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Lecture 14

Outline Lecture 14 Mating 3.odt

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PSYC 3100
Pat Barclay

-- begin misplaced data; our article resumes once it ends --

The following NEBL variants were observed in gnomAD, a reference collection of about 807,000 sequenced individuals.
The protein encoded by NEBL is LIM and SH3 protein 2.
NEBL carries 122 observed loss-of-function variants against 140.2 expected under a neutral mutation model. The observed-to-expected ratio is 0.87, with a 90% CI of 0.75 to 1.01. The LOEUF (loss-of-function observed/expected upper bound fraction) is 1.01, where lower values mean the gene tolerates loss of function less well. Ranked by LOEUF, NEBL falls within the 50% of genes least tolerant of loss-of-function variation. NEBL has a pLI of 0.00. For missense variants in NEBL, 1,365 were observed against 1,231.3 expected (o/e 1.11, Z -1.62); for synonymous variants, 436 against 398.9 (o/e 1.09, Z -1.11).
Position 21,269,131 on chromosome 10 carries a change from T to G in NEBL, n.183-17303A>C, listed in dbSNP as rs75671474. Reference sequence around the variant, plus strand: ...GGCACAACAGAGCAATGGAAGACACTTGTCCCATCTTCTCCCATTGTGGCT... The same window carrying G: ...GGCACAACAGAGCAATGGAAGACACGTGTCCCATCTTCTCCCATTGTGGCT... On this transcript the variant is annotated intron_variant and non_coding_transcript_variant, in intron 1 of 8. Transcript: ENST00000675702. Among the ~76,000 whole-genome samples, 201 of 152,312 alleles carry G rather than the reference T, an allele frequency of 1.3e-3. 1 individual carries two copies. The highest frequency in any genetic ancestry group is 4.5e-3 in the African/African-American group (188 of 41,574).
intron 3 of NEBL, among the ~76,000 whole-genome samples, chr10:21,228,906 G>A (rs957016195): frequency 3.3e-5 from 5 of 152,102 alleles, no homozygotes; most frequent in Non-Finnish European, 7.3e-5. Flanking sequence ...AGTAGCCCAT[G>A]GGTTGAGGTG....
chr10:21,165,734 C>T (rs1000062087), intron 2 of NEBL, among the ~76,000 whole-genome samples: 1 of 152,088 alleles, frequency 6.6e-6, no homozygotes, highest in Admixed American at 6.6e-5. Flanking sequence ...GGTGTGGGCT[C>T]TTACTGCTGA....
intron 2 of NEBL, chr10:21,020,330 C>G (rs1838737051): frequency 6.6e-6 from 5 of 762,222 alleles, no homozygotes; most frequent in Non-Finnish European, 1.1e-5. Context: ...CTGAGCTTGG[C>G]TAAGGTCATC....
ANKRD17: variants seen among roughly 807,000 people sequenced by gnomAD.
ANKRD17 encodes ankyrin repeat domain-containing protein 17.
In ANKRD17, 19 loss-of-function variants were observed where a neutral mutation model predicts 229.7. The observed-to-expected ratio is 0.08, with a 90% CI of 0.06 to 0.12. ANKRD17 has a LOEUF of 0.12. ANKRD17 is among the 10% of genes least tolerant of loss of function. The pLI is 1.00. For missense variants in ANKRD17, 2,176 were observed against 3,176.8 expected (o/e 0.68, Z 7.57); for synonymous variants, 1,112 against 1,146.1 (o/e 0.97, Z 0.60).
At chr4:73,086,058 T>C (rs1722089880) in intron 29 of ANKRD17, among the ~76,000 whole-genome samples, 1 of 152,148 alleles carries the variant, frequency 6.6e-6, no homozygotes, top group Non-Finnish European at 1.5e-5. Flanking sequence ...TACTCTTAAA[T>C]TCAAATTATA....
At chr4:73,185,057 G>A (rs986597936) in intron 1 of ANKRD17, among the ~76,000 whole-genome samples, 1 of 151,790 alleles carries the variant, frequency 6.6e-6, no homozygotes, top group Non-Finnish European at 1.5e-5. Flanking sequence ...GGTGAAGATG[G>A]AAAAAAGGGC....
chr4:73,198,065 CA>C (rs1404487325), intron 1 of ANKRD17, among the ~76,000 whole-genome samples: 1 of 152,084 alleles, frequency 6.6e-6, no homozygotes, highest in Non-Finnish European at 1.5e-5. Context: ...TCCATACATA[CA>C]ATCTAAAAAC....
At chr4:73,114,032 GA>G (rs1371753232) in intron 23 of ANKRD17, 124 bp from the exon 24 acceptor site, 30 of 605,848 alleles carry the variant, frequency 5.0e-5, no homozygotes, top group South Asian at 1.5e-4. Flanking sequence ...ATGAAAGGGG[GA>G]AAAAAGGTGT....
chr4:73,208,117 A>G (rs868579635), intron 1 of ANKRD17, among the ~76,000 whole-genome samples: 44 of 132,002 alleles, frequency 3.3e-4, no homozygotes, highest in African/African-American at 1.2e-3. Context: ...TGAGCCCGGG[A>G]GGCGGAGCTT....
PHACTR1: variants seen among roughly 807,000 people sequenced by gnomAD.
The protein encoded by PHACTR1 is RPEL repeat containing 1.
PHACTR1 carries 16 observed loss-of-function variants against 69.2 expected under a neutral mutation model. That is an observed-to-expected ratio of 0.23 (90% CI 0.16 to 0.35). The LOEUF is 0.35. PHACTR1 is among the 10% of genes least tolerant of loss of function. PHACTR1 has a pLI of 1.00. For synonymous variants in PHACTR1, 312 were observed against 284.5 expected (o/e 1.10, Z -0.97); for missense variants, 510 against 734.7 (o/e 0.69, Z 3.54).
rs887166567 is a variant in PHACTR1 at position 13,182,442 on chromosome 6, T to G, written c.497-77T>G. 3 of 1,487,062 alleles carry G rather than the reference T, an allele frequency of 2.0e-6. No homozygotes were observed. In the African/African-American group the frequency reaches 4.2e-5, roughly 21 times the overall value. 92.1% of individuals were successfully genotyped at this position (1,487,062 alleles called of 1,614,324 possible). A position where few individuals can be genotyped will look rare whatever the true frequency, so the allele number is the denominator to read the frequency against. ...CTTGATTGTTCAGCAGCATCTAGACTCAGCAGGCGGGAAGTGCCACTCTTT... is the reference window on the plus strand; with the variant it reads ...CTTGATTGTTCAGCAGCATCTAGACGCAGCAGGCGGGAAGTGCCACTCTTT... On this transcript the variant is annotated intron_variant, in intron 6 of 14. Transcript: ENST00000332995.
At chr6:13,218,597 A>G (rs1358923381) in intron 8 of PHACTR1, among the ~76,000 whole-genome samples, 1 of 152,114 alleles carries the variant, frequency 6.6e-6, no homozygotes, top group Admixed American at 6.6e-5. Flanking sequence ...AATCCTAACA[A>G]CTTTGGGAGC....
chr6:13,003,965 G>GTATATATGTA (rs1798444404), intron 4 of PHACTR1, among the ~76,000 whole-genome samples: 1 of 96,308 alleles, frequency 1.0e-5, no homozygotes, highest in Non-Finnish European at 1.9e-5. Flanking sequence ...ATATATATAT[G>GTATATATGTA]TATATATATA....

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Outline Lecture 14 Mating 3 A. To Bond or Not to Bond? 1. Time Budgets – Somatic effort vs. reproductive effort (which is mating effort + parental investment) -evolutionary tradeoffs: all organisms have limited time and energy budgets. Time/effort solving one problem means less time/energy available for other problems – somatic effort: investment in growth & maintenance. Anything that promotes well being (job, education) – reproductive effort: mating effort + parental investment. Things one needs to reproduce, attract a mate, hold onto a mate, raise kids. – Mating effort: effort expanded in attracting or retaining mates (weaponry, etc) – parental investment (P.I.): any investment that increases an offsprings survival (& reproduction) but decreases the parent's ability to invest in other (including future) children. – time÷effort spent on mating effort cannot be spent on parental investment, vise versa 2. Why Form Long-Term Bonds? -imagine this: you've just met someone who is interested in you (& possibly mated with him/her) Q: should you form a long-term pair with him/her? -which one provides a higher return: mating effort (towards others) vs. parental investment does attempting to remate > attempting to pairbond? Attempting to pair-bond: -guaranteeing conception with that person -future offspring with same partner -effects of parental investment on children's success -mutual cooperation & division of labor Attempting to remate: -likelihood of remating (including availability of mates and your likelihood of getting one (how many fish in the sea? What is likelihood of catching one?) -effect of your reproductive success of mating with an additional person 3. Different Strategies for Different Folks -focus on long term -advertise character, partner fidelity -focus on short term -spend more time advertising individual quality: attractiveness, physical ability **strategies that pay off for some may not payoff for others** – Facultative responses: strategies which are contingent on one’s condition/situation -single mental design, but different behaviours depending on one's condition or situation (same mentality, but some individuals are better and worse off than others) -different individuals face different conditions, so their “best responses” or “optimal strategies” may differ -e.g. “if big, be aggressive. If small, be conciliatory -e.g. “if attractive, pursue ST strategy& be more discriminating. If not, offer LT strategy and/or be less discriminating Attractive men: -less restricted attitudes about casual sex -invest more in pursuing affairs -invest less in relationships (all else equal. e.g. quality of his partner Attractive women: -greater preference for symmetry in good looking women - The “best” mating strategy depends on one’s mate value - Stressful environments: why wait for a better future if it’s unlikely to come? -tradeoff of somatic vs. reproductive effort: -if fu
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